Weekly Roberts Market Report06 December 2012
Michael T. Roberts
Extension Agriculture Economist,
Dairy and Commodity Marketing,
NC State University
US - Corn trading was lackluster amid quiet volume. Some commercial selling was noted on spreading, writes Michael T. Roberts.
Risk Management Term of the Week: - ARBITRAGE - Actions taken in response to an apparent profit opportunity due to market imbalances. An example would be buying in the cash market and delivering in the futures market because the futures market appears to be unusually high relative to the cash market.
Risk Management Principle of the week: Fundamental and technical analysis of the markets can be complimentary. The need is for understanding of the basic forces of supply and demand (fundamental analysis) and the related ability to anticipate the direction of price trends (technical or chart analysis). Highly sophisticated quantitative analysis is nice but NOT essential to developing a good marketing plan.
LEAN HOGS on the CME finished down on Monday. The DEC’12LH contract closed at $83.925/cwt; down $0.150/cwt but $1.450/cwt higher than last report. APR’13LH futures closed at $90.675/cwt; down $1.100/cwt and $0.825/cwt lower than a week ago. The JUN’13LH contract closed at $100.900/cwt; down $0.625/cwt but $0.050/cwt over last report. After starting strong, US lean hog futures finished lower but not until breaking through highs. Chart signals indicate this will continue in the near term. Fundamentally hog demand was steady-to-firm last week reflected in rising US wholesale prices and a strong cash market as retailers built stocks prior to the Christmas holidays. Stocks are tightening. Late Monday USDA put the lean pork cutout at $85.76/cwt, up $0.98/cwt and $3.42/cwt over last report. According to HedgersEdge.com, the average packer margin was lowered $8.15/head to a positive $0.60/head based on the average buy of $61.09/cwt vs. the breakeven of $60.86/cwt. The latest CME Lean Hog index was estimated at 81.52; up 1.21 and 3.64 higher than last report.
This table shows the maximum price a producer could pay for feeder pigs and still break even, assuming the costs and conversion/performance factors listed above. Producers should remain aware that calculations are based on averages. Courtesy DTN.
CORN futures on the Chicago Board of Trade (CBOT) closed up on Monday. The DEC’12 contract closed at $7.490/bu; up 1.0¢/bu and 1.75¢/bu higher than last Monday. MAR’13 corn futures closed at $7.546/bu; up 2.0¢/bu and 3.5¢/bu higher than a week ago. The DEC’13 contract closed at $6.396/bu; up 4.25¢/bu and 10.75¢/bu higher than last report. Corn trading was lackluster amid quiet volume. Some commercial selling was noted on spreading. Continued rainfall in Argentina threatening production was supportive. Exports should be considered bearish with USDA putting corn-inspected-for-export at 9.626 mb vs. estimates for 23-26 mb. This is well below the 23.8 mb needed this week to stay on pace with USDA’s demand projection of 1.15 bb. Please see chart:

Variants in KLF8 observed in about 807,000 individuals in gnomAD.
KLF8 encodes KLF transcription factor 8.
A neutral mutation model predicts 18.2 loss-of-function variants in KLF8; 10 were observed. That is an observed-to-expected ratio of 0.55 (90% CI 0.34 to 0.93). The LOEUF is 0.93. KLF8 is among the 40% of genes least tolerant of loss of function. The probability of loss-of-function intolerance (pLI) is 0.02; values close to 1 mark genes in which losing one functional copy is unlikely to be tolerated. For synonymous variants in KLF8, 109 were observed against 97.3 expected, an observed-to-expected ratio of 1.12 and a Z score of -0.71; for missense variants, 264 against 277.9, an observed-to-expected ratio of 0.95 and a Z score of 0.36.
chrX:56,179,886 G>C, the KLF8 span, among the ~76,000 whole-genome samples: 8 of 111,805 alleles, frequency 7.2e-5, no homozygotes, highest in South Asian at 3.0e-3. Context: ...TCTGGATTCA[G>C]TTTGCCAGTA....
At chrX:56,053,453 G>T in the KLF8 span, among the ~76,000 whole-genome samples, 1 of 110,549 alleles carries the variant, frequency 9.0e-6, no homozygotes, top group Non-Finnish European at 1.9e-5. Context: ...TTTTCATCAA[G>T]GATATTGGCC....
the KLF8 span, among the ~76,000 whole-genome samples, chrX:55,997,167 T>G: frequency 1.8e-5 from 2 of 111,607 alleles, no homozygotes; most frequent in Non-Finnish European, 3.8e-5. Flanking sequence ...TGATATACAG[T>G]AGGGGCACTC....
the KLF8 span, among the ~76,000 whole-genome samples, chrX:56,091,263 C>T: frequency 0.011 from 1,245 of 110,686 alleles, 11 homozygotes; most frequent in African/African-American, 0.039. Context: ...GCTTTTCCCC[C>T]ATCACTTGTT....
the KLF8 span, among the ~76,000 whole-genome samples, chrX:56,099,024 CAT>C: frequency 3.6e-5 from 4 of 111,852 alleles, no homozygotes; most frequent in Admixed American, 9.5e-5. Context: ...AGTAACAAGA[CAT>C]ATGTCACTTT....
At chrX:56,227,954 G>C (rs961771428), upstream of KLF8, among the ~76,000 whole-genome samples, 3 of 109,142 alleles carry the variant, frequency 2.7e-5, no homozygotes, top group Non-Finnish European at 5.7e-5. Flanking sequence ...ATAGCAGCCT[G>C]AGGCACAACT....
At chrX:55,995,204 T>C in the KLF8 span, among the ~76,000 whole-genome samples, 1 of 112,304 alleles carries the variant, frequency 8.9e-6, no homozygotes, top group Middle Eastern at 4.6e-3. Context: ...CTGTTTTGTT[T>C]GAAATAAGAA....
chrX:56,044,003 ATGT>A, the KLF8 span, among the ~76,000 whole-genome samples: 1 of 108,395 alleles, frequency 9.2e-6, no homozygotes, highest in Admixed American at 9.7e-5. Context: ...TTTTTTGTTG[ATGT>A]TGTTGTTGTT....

Cash prices were steady with merchandisers reluctant to buy amid fears that Mississippi river levels will remain low or go even lower if dry conditions persist. On Monday the national average basis was -11.0¢/bu under CBOT December futures. It is a very good idea to think about pricing up to 15 per cent of 2013 production if you haven’t done so already.
SOYBEAN futures on the Chicago Board of Trade (CBOT) closed up on Monday. JAN’13 futures closed at $14.536/bu; up 15.0¢/bu and 29.0¢/bu over last report. The MAR’13 contract closed at $14.482/bu; up 15.75¢/bu and 26.0¢/bu higher than last week. NOV’13 futures closed at $13.172/bu; up 12.75¢/bu and 21.25¢/bu higher than last Monday. Rain continues to delay soybean planting in Argentina while good weather in the Mato Grosso area of Brazil looks to produce record yields. Fund buying and bullish chart signals were supportive. Exports were bullish with USDA putting soybeans-inspected-for-export at 51.082 mb vs. estimates of 55-62 mb. Even though exports did not meet expectations they are well ahead of the 19.9 mb needed to stay on pace with USDA’s demand projection of 1.345 bb. Please see chart:
Cash soybeans were firmer with the latest national average soybean basis being placed at -34.0¢/bu under the Chicago January 2013 futures contract. It might be a good idea to get to 15 per cent priced in the 2013 crop.
WHEAT futures in Chicago (CBOT) closed down on Monday. DEC’12 wheat futures finished at $8.420/bu; up 2.75¢/bu and 7.0¢/bu lower than a week ago. The JULY’13 contract closed at $8.686/bu; down 1.75¢/bu but 9.5¢/bu lower than last report. Wheat prices were pressured by fresh moisture and the promise of more in the US Southern Plains. However, support was noted on a lower US dollar. When the US dollar is lower US commodities are more attractive to foreign importers. Exports were bearish with USDA putting wheat-inspected-for-export at 14.186 mb vs. estimates for 17.21 mb. Soft Red Winter wheat basis index was steady-to-firm at -40.0¢/bu under CBOT March futures. Hard Red Winter Wheat basis index was placed at -56.0¢/bu under Kansas City March futures. Hard Red Spring Wheat average basis index was placed at -58.0¢/bu under the Minneapolis March futures contract. It is a good idea to price up to 15 per cent of the 2013 crop.